Money is worth almost nothing in Cuba whilst Charlie Petersmann’s picture, Cantos, tells us that not only there aren’t drugs available to cure the cancer disease in the Caribbean country, its citizens are unable to connect to the Internet and the outside world. Utopias are far removed and Petersmann’s chronicle of four individuals in his debut feature documentary, are struggling to find their destiny in memory of a revolutionary dream. Perhaps it is our own selves we should be prepare to seek, understand and re-shape, for the ones who have families take a certain responsibility to raise their children responsibly for future generations to come.
Cristina, Jorge, Hayde, Ariadna, Giobanni, Karen and Adrian are escorted to a consultation room of a children’s hospital in Mexico City by their own parents in Nuria Ibañez’s The Naked Room (El cuarto desnudo). The whole world of these children, all abused by a member of their family in one way or another, is closely interrogated in one single room. But on what account their parents have any rights in giving them pills and isolating them in a clinic (instead of educating them) when their errors lead these kids to take their own lives? All of Ibañez’ portraits are close-ups of heroes triumphing their courage to live from a very young age.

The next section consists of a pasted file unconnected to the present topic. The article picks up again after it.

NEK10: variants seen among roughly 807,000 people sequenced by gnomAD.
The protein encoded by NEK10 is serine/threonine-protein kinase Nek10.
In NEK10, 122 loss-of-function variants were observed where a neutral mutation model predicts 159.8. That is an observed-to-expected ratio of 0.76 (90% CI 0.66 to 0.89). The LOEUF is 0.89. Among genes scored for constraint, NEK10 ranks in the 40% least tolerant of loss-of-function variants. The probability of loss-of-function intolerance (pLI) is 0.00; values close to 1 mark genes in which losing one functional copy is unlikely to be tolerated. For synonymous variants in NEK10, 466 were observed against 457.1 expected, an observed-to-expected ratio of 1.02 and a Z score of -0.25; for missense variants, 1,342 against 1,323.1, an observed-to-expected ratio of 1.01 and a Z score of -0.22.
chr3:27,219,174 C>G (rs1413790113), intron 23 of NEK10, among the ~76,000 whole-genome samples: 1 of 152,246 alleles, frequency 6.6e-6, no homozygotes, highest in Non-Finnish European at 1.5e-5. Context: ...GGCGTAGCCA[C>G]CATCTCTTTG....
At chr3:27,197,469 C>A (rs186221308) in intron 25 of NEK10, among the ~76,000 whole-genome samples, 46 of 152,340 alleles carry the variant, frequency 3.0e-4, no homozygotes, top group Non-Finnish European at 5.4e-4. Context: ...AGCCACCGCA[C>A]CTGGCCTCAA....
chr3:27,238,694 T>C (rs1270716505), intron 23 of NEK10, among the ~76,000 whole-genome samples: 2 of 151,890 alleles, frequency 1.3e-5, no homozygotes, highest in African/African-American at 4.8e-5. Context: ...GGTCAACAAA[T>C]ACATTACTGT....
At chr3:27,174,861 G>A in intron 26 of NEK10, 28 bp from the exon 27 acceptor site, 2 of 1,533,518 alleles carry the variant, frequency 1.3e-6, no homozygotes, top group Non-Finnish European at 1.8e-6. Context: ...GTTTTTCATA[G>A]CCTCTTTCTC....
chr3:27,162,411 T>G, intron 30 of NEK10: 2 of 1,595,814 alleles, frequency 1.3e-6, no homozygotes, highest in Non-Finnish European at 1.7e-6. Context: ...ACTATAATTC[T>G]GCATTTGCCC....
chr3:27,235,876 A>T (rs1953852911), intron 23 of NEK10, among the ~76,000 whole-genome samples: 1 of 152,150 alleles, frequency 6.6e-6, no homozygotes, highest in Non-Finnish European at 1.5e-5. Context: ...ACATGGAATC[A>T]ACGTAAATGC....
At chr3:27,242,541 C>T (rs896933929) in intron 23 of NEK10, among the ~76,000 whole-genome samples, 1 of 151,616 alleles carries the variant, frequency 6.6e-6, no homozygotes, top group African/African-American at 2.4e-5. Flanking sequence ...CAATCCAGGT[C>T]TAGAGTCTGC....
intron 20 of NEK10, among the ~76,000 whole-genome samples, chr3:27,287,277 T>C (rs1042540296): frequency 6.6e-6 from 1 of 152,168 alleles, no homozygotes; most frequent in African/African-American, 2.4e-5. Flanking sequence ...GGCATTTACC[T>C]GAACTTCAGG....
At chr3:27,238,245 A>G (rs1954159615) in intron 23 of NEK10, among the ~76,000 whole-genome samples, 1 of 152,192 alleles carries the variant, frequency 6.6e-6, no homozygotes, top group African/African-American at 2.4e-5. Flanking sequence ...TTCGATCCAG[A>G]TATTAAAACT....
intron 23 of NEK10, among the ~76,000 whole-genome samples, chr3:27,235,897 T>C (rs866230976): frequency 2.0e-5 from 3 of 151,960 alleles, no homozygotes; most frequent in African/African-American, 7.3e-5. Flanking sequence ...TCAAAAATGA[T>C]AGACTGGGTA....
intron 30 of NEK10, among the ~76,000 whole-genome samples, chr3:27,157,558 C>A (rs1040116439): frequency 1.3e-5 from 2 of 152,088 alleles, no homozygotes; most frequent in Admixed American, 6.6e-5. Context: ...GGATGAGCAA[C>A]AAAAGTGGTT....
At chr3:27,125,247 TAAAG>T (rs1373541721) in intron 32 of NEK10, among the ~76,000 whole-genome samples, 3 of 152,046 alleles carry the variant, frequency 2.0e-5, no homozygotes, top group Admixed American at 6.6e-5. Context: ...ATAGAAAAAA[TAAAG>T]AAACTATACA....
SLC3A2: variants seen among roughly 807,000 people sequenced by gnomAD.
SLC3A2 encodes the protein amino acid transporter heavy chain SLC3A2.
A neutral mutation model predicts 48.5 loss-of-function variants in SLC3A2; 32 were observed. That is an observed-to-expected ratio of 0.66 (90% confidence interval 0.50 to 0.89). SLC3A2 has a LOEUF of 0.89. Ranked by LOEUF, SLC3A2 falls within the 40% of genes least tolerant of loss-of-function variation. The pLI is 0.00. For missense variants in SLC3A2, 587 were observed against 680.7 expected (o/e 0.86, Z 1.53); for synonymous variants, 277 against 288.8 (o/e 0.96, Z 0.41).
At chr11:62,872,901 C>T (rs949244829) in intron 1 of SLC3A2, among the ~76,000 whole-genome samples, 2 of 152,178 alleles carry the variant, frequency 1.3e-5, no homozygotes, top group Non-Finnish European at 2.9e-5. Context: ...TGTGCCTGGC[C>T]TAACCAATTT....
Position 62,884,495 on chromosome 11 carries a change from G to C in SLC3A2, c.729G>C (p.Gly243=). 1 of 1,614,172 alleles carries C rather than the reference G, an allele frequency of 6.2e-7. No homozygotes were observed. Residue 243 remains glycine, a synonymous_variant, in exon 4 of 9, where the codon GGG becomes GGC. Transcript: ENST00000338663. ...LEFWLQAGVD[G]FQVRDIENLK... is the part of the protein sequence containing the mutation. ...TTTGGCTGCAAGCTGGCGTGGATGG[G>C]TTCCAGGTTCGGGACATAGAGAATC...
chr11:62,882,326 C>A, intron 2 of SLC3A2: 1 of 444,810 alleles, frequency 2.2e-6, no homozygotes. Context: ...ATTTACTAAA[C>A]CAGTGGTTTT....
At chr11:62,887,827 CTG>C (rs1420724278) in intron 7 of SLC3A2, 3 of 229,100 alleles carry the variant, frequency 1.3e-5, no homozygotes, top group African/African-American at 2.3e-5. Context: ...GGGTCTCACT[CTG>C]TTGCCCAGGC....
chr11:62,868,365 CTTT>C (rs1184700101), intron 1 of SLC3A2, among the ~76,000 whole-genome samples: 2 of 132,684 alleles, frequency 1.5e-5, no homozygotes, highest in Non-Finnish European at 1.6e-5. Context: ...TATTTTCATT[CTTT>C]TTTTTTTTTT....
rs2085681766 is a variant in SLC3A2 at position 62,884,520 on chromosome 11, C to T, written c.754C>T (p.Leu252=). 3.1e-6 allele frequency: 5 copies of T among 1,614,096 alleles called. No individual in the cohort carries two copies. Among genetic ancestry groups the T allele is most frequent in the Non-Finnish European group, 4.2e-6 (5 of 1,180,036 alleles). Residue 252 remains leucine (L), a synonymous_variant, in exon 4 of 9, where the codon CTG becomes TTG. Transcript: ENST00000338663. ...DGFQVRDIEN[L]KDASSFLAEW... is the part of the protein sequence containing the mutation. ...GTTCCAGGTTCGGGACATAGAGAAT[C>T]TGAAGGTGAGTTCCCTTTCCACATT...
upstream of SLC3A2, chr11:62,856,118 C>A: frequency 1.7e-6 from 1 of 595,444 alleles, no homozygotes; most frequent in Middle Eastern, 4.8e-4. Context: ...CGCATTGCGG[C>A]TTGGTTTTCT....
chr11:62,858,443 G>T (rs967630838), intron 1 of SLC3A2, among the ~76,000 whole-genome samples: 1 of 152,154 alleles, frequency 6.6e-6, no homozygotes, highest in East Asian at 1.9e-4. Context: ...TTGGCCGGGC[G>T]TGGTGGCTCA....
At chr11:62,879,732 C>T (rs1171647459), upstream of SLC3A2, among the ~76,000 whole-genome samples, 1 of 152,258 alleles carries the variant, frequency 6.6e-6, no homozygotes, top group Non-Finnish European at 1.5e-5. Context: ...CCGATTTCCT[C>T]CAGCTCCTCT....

In the championship fever of Bill Siegel’s solo debut feature The Trials of Muhammad Ali, the lifelong journey of emerging boxing superhero confronts us all. Ali was drafted to fight in the Vietnam War shortly after his decision to convert to Islam. His opposition to the call by famously saying, “No Viet Cong ever called me ‘niger'” came as a shock to some but influenced many more Americans in the 1960s. Siegel’s film is an inspiring work of Ali’s path by emphasising his fight for his identity, issues of power, race and faith, which will intrigue even an atheist. Archive interviews of Malcolm X and Martin Luther King Jr. alongside interviews with Ali’s brother, Rahman and Nation of Islam leader, Louis Farrakhan illustrate the champion’s human side and powerful worldviews. In 2005 Ali received the Presidential Medal of Freedom, ironically by George W. Bush.